5 ways to tell if your shoes are made to go the distance


Have you ever convinced yourself that the gorgeous but expensive shoes you’ve just found are worth every penny because they’re an ‘investment’?

Have you ever justified paying a tidy stack of cashola for an awesome pair of boots because the ‘cost per wear*’ will be “ A-Huh-Maaaazing!”?

I have. A little too often.

But what happens when your fabulous new ‘investment purchase’ starts falling apart after just a couple of wears? Or when those shiny new shoes lose their lustre after a heart-breakingly short time?

While it may be true that, when it comes to people, “the good die young,” it’s not the same for shoes. The fact is, a quality pair of shoes should last for years – as long as they’re well designed and well made.


So how do you know if the shoes you’re circling are good quality?

Fortunately dear Foxes, I was able to pin down the head of women’s shoe design for ECCO, Niki Taestensen, when I was in Copenhagen visiting HRH Crown Princess Mary. Here, he shares his 5 top tips to identifying whether the shoes you’re thinking of buying are made to go the distance.


1. “Touch and hold the shoe.”

Have a close look at the way the shoe is bound to the sole. If you see glue down there, that’s not so good. And check that everything is sealed properly. You should see a clean edge and a seamless finish – this will help keep the upper and the sole together. With ECCO shoes, the upper and the sole are moulded together; no glue or stitching needed. Besides making them watertight, this also means that the upper and the sole are much less likely to ever separate.


ECCO shoe mould and patterns
2. “Examine the stitching. This gives you clues as to how sturdy the shoe will remain.”

The stitching should be straight and tight, with no gaps between stitches. And look for a waxy protective coating on the thread. This helps keep the stitching safe so it’s less likely to fray and break. That said, it can be tricky to see if the thread has this waxy coating. To check, put your nail on the stitch to see if the threads come apart easily. If they do, then the stitch is not tight and probably not coated.  This is especially important for performance footwear (like hiking boots) where a coated stitch also helps keep water out.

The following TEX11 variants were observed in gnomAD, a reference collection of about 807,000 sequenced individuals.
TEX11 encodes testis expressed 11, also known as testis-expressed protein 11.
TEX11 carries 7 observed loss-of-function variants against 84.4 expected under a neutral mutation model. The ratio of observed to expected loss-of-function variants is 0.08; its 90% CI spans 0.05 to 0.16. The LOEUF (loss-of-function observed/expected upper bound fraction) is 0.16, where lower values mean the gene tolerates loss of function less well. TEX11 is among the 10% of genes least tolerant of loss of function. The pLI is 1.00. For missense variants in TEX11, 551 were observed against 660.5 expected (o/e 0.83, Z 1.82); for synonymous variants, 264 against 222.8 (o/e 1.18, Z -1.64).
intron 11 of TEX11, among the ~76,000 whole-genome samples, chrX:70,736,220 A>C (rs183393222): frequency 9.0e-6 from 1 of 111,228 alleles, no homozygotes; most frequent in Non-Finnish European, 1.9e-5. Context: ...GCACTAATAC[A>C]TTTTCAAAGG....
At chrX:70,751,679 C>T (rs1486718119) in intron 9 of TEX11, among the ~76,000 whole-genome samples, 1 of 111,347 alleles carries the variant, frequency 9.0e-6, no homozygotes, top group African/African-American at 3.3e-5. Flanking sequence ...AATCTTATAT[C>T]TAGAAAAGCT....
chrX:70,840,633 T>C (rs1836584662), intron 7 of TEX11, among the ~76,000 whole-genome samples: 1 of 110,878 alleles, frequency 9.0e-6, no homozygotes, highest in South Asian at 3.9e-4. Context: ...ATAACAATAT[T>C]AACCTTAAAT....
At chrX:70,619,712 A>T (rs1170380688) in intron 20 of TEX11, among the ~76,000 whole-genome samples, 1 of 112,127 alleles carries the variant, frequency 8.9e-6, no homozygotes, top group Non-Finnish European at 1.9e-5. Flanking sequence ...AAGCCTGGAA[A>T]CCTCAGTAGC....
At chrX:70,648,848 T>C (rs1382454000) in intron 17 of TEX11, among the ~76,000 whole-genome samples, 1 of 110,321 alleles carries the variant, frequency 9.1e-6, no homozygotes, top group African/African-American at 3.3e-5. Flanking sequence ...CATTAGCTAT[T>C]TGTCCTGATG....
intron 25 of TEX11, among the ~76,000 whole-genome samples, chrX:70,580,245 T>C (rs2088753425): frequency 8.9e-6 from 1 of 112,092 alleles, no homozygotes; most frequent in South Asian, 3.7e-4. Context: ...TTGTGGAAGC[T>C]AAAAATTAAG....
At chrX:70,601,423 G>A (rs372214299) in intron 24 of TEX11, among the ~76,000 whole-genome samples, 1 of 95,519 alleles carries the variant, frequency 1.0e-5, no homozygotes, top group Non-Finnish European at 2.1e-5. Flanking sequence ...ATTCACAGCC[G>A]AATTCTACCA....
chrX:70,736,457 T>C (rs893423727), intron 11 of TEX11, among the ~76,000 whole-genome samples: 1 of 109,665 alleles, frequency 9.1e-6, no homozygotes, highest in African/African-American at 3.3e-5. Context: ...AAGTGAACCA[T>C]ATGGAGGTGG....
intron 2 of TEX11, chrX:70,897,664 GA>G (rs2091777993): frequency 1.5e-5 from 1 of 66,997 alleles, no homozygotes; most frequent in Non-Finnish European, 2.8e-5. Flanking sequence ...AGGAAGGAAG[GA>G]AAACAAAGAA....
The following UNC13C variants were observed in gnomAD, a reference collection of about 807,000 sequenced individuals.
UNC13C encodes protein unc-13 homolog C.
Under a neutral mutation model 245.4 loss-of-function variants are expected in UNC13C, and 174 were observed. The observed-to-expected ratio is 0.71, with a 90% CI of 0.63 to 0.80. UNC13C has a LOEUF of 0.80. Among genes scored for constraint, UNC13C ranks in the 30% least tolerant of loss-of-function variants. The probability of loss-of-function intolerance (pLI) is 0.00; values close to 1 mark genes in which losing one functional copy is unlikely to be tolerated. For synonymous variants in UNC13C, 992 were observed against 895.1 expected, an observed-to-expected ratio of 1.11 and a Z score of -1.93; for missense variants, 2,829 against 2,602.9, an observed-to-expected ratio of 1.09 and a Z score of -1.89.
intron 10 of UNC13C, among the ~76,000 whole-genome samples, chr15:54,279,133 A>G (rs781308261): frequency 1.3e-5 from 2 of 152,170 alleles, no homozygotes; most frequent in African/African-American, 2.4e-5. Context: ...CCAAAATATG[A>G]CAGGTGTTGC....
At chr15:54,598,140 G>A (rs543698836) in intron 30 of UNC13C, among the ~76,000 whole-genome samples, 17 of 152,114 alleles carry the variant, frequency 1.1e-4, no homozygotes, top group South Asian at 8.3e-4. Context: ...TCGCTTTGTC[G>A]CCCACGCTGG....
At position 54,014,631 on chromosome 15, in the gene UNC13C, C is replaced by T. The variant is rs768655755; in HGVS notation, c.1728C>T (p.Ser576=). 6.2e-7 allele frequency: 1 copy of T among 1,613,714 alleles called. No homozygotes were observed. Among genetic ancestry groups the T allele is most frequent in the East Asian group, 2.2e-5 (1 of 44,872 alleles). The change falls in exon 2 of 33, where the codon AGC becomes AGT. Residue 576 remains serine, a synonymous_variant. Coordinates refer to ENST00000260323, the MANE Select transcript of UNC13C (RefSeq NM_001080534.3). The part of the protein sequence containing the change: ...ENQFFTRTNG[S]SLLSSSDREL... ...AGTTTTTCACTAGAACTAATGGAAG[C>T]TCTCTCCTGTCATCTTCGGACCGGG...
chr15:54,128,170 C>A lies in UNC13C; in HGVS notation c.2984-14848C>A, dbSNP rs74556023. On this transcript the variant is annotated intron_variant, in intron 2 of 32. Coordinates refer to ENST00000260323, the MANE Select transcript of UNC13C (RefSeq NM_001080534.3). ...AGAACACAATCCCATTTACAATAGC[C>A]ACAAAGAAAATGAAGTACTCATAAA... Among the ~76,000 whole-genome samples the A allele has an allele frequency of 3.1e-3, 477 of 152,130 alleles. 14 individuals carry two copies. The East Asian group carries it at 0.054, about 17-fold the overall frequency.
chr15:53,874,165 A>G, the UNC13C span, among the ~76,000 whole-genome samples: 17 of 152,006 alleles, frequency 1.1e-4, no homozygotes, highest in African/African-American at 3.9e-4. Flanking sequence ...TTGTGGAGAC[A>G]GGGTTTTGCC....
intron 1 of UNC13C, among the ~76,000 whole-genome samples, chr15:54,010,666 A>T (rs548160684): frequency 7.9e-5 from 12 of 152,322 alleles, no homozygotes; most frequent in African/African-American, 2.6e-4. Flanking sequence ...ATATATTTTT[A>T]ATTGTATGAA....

Hand stitching in action


3. “Scratch the surface of the leather to check it has been tanned well.”

Be gentle, and do a tiny scratch on the side of the shoe.  If you can see the same colour underneath, then the leather has been tanned well. So if one of your shoes does get scratched, chances are you can nourish it back to near-new condition with a shoe cream – no need for coloured polish and other temporary fixes!


 4. “Examine them both side by side to ensure each shoe will wear at the same rate as its pair.”

Look for consistencies in the leather to indicate that it’s all come from the same piece of hide. If they match, they should wear at the same rate. Leather panels from different sources have different textures and consistencies, and their differences will become more obvious over time.


*Cost per wear = Actual cost of item divided by the number of times you think you’ll wear it.


Want more shoe tips from Niki? Check out 5 ways to know that the shoes you’re buying won’t kill your feet.


Do you own a fab pair of shoes that have lasted for years? Where did you get them from? How do you care for them? And can I have them? 😉 

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